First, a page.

The Subjective Probability of Conjunctions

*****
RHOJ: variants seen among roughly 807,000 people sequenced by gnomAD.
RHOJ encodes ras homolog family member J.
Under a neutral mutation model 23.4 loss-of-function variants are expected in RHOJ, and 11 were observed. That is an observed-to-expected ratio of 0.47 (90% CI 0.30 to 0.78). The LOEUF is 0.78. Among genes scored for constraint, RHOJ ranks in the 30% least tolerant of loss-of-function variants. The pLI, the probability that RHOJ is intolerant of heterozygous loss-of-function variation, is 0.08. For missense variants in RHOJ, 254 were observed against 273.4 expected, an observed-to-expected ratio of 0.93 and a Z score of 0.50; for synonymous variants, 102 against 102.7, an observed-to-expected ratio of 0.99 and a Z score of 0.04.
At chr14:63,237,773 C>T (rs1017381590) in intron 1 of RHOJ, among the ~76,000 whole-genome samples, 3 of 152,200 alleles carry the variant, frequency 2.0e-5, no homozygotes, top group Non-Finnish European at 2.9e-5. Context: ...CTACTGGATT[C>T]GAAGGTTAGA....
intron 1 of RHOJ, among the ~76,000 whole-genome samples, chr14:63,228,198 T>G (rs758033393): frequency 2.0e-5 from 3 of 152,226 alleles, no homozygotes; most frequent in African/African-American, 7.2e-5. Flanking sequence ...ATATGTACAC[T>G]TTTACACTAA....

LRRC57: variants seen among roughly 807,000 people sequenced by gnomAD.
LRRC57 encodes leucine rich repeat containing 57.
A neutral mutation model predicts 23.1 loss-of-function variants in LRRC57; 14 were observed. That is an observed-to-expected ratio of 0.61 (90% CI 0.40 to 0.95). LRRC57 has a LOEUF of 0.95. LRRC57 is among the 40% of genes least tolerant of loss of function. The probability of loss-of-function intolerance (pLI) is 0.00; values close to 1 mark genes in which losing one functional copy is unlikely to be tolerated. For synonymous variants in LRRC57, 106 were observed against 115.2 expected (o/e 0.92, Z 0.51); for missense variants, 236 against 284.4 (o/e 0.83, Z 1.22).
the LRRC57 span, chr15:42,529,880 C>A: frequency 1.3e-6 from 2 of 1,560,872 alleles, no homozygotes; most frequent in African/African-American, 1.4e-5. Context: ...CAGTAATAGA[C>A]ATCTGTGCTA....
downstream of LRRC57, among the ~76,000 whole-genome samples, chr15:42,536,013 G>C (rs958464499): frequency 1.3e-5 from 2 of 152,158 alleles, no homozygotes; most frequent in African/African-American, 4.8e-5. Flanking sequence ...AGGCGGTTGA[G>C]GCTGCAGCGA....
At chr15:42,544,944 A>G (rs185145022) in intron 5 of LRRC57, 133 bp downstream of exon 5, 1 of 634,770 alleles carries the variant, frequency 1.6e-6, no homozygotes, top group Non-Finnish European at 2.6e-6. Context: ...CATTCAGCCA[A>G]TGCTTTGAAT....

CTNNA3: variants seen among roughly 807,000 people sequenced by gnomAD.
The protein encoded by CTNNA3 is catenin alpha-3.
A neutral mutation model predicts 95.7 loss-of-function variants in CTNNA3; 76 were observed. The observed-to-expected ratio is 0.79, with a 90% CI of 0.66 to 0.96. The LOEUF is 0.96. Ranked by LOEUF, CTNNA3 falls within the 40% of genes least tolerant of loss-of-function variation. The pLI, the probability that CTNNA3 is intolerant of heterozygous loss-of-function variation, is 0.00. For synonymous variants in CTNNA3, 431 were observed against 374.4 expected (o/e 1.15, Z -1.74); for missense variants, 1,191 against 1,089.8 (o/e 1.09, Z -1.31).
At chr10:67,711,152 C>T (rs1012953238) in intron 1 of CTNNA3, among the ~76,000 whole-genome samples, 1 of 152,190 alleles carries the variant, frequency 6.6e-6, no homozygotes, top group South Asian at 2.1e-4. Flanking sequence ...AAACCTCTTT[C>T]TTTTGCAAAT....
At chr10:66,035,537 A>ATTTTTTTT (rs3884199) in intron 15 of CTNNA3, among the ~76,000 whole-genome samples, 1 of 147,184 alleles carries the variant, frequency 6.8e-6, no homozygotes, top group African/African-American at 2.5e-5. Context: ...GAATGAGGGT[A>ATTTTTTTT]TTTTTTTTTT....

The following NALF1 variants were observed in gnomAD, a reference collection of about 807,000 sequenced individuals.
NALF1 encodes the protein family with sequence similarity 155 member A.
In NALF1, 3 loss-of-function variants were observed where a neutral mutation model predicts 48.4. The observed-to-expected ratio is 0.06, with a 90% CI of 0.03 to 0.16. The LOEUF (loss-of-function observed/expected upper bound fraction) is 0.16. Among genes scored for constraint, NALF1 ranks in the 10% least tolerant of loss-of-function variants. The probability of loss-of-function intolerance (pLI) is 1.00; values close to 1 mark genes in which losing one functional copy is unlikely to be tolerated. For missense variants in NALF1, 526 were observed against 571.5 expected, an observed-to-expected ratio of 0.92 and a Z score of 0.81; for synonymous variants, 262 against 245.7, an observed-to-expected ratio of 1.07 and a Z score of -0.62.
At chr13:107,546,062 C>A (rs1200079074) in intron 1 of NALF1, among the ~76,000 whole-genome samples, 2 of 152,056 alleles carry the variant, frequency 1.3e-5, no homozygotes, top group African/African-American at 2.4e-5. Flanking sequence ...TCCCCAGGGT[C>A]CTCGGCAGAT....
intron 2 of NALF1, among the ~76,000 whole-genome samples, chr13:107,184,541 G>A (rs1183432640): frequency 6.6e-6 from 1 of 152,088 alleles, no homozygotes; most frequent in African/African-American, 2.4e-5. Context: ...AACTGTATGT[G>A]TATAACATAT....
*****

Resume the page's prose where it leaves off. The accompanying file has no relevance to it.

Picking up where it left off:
Previous experiments have demonstrated but not explained people's tendency to exaggerate the probability of conjunctive events. The present study explores this tendency in several different contexts designed to reveal how the overestimation process works; the events which served as stimuli were either repetitive or unique with or without causal links between them. The design was either a within-subject or a between-subject design. The response mode was either percentages or chances. The results suggest that people use different strategies to assess conjunctions in different situations, all of which lead to overestimation. These processes are discussed and some suggestions are made about ways to overcome their negative effects.